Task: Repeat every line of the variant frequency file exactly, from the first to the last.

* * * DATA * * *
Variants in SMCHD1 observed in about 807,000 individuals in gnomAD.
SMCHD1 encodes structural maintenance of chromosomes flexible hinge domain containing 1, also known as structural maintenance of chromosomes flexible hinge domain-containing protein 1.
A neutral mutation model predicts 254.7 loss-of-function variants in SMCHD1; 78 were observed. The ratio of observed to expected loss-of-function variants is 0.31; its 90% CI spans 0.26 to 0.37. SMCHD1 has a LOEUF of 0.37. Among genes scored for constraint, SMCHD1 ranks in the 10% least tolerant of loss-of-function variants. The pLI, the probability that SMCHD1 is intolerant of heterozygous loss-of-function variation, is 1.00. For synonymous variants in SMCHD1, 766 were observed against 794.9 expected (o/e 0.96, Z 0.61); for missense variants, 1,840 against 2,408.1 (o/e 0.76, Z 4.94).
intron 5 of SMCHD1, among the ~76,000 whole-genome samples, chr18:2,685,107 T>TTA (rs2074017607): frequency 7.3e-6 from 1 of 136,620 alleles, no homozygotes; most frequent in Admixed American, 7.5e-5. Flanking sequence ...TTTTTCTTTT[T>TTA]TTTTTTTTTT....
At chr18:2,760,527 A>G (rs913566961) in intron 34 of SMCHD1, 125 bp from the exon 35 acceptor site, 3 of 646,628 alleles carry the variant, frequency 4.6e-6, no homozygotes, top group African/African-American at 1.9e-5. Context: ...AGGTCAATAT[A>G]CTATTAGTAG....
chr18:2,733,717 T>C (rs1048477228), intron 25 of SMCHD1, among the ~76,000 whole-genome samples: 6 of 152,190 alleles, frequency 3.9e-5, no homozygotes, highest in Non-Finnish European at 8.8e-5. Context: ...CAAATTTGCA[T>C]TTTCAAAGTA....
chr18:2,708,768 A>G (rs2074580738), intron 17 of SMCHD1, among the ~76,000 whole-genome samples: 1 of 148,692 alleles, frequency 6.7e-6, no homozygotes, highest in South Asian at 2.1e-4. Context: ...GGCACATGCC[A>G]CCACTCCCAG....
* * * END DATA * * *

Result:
Variants in SMCHD1 observed in about 807,000 individuals in gnomAD.
SMCHD1 encodes structural maintenance of chromosomes flexible hinge domain containing 1, also known as structural maintenance of chromosomes flexible hinge domain-containing protein 1.
A neutral mutation model predicts 254.7 loss-of-function variants in SMCHD1; 78 were observed. The ratio of observed to expected loss-of-function variants is 0.31; its 90% CI spans 0.26 to 0.37. SMCHD1 has a LOEUF of 0.37. Among genes scored for constraint, SMCHD1 ranks in the 10% least tolerant of loss-of-function variants. The pLI, the probability that SMCHD1 is intolerant of heterozygous loss-of-function variation, is 1.00. For synonymous variants in SMCHD1, 766 were observed against 794.9 expected (o/e 0.96, Z 0.61); for missense variants, 1,840 against 2,408.1 (o/e 0.76, Z 4.94).
intron 5 of SMCHD1, among the ~76,000 whole-genome samples, chr18:2,685,107 T>TTA (rs2074017607): frequency 7.3e-6 from 1 of 136,620 alleles, no homozygotes; most frequent in Admixed American, 7.5e-5. Flanking sequence ...TTTTTCTTTT[T>TTA]TTTTTTTTTT....
At chr18:2,760,527 A>G (rs913566961) in intron 34 of SMCHD1, 125 bp from the exon 35 acceptor site, 3 of 646,628 alleles carry the variant, frequency 4.6e-6, no homozygotes, top group African/African-American at 1.9e-5. Context: ...AGGTCAATAT[A>G]CTATTAGTAG....
chr18:2,733,717 T>C (rs1048477228), intron 25 of SMCHD1, among the ~76,000 whole-genome samples: 6 of 152,190 alleles, frequency 3.9e-5, no homozygotes, highest in Non-Finnish European at 8.8e-5. Context: ...CAAATTTGCA[T>C]TTTCAAAGTA....
chr18:2,708,768 A>G (rs2074580738), intron 17 of SMCHD1, among the ~76,000 whole-genome samples: 1 of 148,692 alleles, frequency 6.7e-6, no homozygotes, highest in South Asian at 2.1e-4. Context: ...GGCACATGCC[A>G]CCACTCCCAG....